Soon after, a wealthy American art collector and New York racetrack owner Joseph Widener purchased Miami Jockey Club and redesigned the park as an Art Nouveau-inspired Mediterranean estate. Sweeping staircases with elegant balustrades led spectators to the stands, where they could take a break from the racing in one of the track’s grand cafés.
Widener imported 20 pink flamingos from Cuba to wander among the tropical landscape. The birds become an iconic symbol for the city. The track was renamed Hialeah Park and had a reputation for being the world’s “most beautiful race track.”
By the time Testa arrived in the 1950s, there was a new owner named Eugene Mori. He added the Park’s iconic Flamingo Fountain, as well as an aviary and an aquarium.
“Back in the 50s and 60s on weekends, you couldn’t get in,” recalls Testa. “We had crowds of 30,000 to 40,000 people, everyone decked out to the nines.”
Spectators came down on trains that ran directly from Palm Beach to the Park to see legendary horses like Seabiscuit, Citation, and the Seattle Slew.
Famed entertainers like Frank Sinatra and Bing Crosby performed in the bustling auditoriums. Although races were held only 40 or 50 days a year, Hialeah Park was extremely lucrative.
Video courtesy of the Wolfson Archives
Working the system
The success had as much to do with playing the system. Legal gambling was tightly regulated in Florida and the law forbade competing local tracks from running at the same time.
Hialeah Park made sure it got all the prime dates in January and February by pushing a law in 1945 that gave the track with the highest legal gambling returns — always Hialeah — first dibs.
It had a stranglehold on the schedule until 1971, when Romanik’s father, who then represented Hallandale’s Gulfstream Park, argued Hialeah, Gulfstream, and South Miami’s Tropical Park should rotate the dates. The court agreed. Editor’s note: This sentence has been edited to correctly reflect the location of Tropical Park.
For the next decade, the three big players fought it out for the prime dates. In 1988, the legislature deregulated racing days, allowing tracks to run races on the same days.
That took away the one edge Hialeah Park had left. An influx of Cubans into Hialeah drove up the population rapidly and made traffic terrible. The Park failed to attract younger audiences; they saw it as a place their grandparents might go. Hialeah simply couldn’t compete with its old competitors in more accessible locations or the new Calder Race Course.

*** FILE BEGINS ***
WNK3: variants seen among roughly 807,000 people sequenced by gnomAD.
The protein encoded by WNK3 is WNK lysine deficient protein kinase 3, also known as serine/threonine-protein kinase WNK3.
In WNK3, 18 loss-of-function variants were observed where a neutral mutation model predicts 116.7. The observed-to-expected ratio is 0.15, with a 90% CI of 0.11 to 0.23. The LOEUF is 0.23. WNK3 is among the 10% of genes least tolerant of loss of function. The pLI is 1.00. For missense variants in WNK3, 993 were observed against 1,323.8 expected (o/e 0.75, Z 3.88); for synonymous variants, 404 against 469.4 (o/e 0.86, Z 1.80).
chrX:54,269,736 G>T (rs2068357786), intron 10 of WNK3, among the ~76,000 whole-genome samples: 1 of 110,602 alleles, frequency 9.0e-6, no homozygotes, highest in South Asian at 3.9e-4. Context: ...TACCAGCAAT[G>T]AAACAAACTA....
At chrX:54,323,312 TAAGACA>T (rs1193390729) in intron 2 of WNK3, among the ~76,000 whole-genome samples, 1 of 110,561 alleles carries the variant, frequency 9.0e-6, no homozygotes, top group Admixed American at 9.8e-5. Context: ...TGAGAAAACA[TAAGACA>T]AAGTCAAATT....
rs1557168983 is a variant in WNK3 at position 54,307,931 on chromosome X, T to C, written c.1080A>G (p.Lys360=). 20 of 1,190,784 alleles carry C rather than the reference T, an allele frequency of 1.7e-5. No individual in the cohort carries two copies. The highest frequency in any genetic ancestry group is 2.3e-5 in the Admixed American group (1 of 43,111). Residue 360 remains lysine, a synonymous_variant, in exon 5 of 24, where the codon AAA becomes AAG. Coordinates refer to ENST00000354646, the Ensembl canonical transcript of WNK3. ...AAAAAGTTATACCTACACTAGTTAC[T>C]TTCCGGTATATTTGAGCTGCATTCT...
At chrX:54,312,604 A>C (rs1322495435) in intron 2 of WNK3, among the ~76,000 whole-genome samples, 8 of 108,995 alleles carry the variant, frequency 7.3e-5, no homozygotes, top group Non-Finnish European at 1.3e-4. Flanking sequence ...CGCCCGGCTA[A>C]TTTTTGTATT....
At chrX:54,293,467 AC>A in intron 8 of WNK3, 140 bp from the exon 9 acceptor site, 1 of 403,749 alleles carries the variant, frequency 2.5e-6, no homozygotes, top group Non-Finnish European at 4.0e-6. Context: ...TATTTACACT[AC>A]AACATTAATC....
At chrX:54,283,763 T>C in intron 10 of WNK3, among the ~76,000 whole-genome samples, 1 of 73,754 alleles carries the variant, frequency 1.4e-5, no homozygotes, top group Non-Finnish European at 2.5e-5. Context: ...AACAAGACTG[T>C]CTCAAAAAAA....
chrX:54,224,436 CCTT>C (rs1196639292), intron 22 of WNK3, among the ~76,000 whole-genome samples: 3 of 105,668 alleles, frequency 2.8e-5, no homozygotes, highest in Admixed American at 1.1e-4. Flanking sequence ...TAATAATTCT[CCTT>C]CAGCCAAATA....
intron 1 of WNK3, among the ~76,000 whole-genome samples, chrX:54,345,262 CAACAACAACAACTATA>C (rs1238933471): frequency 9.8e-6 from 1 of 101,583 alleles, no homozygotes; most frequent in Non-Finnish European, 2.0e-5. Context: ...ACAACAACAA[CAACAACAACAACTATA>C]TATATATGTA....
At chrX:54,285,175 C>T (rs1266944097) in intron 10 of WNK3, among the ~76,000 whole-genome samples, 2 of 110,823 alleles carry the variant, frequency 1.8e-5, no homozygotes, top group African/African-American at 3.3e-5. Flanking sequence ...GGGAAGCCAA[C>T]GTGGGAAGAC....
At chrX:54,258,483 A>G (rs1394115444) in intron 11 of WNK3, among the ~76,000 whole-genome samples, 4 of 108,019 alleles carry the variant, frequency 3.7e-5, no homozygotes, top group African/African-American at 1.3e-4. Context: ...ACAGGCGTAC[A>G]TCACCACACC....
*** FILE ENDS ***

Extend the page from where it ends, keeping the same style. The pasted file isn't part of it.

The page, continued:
Profits tanked, and in 2001 the Park held its final thoroughbred meet. Three years later, Gulfstream had Hialeah’s thoroughbred license revoked, arguing that Hialeah’s suspension of meets meant it had given up its right to a license. For the next five years, it was desolate. The legislature refused to give the track its thoroughbred racing license again, claiming that Florida no longer issued those types of racing licenses.
But in 2009, Hialeah owner Brunetti obtained a quarter horse permit for racing, a new type of racing license that featured shorter, faster sprints. Several tracks across the state of Florida had successfully obtained the license in absence of thoroughbred license availability. The quarter horse permit re-opened the park, while also paving the way for Brunetti to add a casino facility.
Meanwhile, the Florida legislature agreed to allow slot machines and card rooms at pari-mutuel facilities in Florida. Brunetti debuted a fully operational casino at the facility in 2013. Currently, Hialeah Park is undergoing a $40 million renovation to include a hotel, civic center, and 800,000 square feet of retail space.
The prospect of thoroughbred racing is still on the table for Hialeah Park. Brunetti is in talks with old rival Gulfstream to allow the Park to use Gulfstream’s thoroughbred license on its course.
“I think you have a generation that didn’t grow up racing and doesn’t understand how special Hialeah Park once was,” Dunbar says. “A boutique, short meet, with great purses and lots of romance around it, could be the catalyst to bring the park back to life.”